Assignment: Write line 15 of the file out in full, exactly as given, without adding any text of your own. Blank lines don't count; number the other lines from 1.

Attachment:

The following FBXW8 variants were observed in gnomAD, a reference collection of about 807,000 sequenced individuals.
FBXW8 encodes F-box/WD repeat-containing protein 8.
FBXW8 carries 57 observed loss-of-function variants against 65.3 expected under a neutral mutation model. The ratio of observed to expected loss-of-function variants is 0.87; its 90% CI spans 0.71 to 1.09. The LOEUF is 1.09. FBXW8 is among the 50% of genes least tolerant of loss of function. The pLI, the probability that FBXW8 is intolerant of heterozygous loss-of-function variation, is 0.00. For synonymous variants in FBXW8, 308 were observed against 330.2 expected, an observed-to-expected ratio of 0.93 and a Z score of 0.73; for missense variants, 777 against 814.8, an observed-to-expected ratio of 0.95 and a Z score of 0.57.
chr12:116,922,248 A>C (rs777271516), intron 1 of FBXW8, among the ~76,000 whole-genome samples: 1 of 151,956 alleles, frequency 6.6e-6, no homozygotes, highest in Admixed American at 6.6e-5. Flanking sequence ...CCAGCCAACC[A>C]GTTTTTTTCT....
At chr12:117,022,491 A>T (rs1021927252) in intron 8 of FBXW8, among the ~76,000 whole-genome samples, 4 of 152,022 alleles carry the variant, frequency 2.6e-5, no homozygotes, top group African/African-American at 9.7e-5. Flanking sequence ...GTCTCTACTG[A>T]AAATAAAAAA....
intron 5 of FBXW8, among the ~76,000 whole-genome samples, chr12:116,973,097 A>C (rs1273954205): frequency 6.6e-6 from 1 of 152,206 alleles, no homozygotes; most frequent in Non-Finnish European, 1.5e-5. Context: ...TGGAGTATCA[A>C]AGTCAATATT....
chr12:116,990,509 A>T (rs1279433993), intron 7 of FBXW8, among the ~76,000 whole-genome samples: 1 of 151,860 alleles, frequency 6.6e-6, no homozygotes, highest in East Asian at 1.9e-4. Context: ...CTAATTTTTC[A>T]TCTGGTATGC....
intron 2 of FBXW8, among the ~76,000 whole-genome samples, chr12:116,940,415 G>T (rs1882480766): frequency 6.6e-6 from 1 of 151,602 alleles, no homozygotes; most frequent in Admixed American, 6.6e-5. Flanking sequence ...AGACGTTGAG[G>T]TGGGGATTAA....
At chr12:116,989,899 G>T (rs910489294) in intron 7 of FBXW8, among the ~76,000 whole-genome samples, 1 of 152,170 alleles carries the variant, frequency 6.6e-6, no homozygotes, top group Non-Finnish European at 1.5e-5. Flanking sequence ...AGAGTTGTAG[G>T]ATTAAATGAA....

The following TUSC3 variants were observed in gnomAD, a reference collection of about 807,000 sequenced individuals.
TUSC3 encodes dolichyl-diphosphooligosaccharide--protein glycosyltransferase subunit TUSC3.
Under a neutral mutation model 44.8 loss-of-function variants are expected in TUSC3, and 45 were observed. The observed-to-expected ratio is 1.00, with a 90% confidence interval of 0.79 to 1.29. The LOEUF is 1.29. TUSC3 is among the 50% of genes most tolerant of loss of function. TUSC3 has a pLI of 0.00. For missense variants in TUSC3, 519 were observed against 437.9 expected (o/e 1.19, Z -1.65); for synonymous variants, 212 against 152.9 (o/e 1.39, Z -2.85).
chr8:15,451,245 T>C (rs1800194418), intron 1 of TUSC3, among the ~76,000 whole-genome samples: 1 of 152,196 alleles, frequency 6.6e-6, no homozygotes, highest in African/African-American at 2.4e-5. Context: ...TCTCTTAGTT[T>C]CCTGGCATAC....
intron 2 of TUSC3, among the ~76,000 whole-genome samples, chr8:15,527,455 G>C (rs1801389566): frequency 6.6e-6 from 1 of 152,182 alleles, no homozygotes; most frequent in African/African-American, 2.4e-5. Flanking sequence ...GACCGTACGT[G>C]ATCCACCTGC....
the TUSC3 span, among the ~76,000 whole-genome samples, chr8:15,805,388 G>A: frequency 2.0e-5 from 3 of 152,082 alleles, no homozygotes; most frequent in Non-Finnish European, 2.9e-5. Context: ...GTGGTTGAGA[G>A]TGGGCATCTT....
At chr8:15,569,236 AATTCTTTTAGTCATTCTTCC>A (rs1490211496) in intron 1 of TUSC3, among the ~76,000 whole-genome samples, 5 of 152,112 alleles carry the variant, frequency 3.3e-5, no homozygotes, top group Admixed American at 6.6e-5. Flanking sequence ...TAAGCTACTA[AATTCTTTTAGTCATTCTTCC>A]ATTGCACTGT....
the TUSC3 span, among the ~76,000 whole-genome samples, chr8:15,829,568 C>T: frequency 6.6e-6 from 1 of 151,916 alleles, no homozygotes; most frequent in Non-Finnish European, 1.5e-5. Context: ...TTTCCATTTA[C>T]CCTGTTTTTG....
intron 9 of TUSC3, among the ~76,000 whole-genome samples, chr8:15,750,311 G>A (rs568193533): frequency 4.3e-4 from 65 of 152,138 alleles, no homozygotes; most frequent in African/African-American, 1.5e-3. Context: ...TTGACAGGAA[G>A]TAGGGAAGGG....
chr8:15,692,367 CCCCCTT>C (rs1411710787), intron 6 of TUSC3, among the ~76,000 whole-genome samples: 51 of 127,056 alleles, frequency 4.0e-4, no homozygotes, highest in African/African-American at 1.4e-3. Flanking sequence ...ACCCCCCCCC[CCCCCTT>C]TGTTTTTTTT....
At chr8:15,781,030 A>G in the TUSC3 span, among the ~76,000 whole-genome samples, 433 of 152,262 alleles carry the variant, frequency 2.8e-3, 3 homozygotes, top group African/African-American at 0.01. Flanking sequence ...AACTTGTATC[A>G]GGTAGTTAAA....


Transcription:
the TUSC3 span, among the ~76,000 whole-genome samples, chr8:15,805,388 G>A: frequency 2.0e-5 from 3 of 152,082 alleles, no homozygotes; most frequent in Non-Finnish European, 2.9e-5. Context: ...GTGGTTGAGA[G>A]TGGGCATCTT....